Public companies are under intense scrutiny by Wall Street analysts, shareholders and the public, and it is critical that human resources understand the significant ramifications of being a public company, particularly in the following areas:
There are many requirements of the U.S. Securities and Exchange Commission relating to compensation and benefits. Companies file many public documents with the SEC, starting with the S-1 public offering filing, which requires business and financial data as well as a detailed executive compensation section.
The SEC revised its proxy disclosure rules in 2006, and again in 2009, to require multiple tables that apply to public companies and those going public, as well as the compensation discussion and analysis, or CD&A, detailing the company's compensation philosophy. Private companies do not ordinarily draft a CD&A, and many will not have a compensation philosophy.
Once public, the company must file the following documents containing compensation-related information:
Public companies also must comply with provisions of the Sarbanes-Oxley Act of 2002, including documentation of appropriate internal controls. Usually the HR department must conduct a thorough review to ensure compliance.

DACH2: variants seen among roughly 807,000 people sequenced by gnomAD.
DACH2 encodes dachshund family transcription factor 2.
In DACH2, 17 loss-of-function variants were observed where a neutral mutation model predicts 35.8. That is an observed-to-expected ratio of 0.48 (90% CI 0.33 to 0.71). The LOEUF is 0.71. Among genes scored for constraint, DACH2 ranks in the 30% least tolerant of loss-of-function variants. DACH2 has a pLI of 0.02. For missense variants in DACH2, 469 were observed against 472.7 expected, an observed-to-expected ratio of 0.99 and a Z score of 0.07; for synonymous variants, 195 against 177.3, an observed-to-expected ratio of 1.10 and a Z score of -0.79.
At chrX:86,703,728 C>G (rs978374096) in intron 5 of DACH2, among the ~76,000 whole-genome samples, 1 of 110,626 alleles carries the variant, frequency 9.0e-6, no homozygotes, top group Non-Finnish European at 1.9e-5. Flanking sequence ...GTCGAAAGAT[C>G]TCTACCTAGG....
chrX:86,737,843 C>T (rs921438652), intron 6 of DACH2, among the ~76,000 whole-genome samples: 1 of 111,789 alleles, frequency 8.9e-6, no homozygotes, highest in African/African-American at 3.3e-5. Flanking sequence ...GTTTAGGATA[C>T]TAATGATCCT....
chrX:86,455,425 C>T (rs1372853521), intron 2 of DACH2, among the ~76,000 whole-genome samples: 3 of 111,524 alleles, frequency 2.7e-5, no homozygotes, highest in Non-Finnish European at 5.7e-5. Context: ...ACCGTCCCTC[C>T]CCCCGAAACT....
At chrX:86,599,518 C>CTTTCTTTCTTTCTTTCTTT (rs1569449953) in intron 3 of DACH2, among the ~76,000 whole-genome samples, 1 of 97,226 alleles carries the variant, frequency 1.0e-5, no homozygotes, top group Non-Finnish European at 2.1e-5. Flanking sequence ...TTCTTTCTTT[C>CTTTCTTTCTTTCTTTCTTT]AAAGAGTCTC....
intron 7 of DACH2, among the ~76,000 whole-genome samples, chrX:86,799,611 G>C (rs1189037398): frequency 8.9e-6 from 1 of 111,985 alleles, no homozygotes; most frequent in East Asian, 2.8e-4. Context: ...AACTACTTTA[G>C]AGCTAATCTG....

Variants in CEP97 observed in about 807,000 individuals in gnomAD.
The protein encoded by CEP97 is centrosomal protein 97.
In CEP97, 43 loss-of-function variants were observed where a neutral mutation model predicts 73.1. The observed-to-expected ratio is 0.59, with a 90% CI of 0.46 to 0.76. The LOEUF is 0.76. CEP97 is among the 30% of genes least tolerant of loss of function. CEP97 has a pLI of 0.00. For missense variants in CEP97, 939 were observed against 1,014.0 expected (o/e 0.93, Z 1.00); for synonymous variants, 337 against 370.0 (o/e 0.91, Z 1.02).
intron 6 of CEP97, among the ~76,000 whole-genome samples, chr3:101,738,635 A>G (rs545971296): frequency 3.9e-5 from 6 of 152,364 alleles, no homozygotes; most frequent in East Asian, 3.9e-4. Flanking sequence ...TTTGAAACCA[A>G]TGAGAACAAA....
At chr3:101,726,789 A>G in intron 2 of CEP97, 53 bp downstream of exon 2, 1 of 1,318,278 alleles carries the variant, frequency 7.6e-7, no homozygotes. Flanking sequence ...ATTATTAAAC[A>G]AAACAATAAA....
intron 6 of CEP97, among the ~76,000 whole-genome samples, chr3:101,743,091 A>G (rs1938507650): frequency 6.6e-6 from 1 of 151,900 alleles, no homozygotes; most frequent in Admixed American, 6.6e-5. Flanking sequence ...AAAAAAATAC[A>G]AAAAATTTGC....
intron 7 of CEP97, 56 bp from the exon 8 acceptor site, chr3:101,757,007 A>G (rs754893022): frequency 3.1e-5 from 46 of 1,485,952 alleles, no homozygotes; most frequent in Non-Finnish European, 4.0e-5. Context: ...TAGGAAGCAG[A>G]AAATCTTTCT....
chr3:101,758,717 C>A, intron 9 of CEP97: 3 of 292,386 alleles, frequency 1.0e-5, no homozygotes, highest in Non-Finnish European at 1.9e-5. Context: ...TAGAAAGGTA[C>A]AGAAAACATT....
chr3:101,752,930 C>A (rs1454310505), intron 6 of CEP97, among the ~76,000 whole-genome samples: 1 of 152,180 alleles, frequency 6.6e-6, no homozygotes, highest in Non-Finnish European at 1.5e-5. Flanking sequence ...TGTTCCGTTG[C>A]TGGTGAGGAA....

Impact on company culture
The most significant impact relates to how public-company executives communicate with employees. It remains vital to keep people informed; however, executives must be careful in what they say—and when and how they say it. It is common for the CEO to hold employee meetings either live or via video feed, to enable viewing by employees on the day quarterly earnings statements are announced.
HR needs to be cognizant of employee-morale implications of a rising or falling stock price. With executive compensation in the public eye, there can be morale issues based on perceptions of high levels of compensation during negative events such as layoffs.
Equity-based compensation plan design
Publicly traded stock provides a new form of "compensation currency" that can be used as an incentive and retention tool for top performers who are not necessarily part of senior management. Clearly, this needs to fit with the company's overall compensation philosophy and must be affordable. Conversely, equity-based programs previously offered might be curtailed if the number of shares available is more limited because of dilution concerns.
Clearly, HR in a newly public company assumes significantly greater accountability, and HR leaders need to prepare their staff to accept this accountability.
SOURCE: Larry Schumer, Principal, compensation, Buck Consultants, Boston
The information contained in this article is intended to provide useful information on the topic covered, but should not be construed as legal advice or a legal opinion. Also remember that state laws may differ from the federal law.
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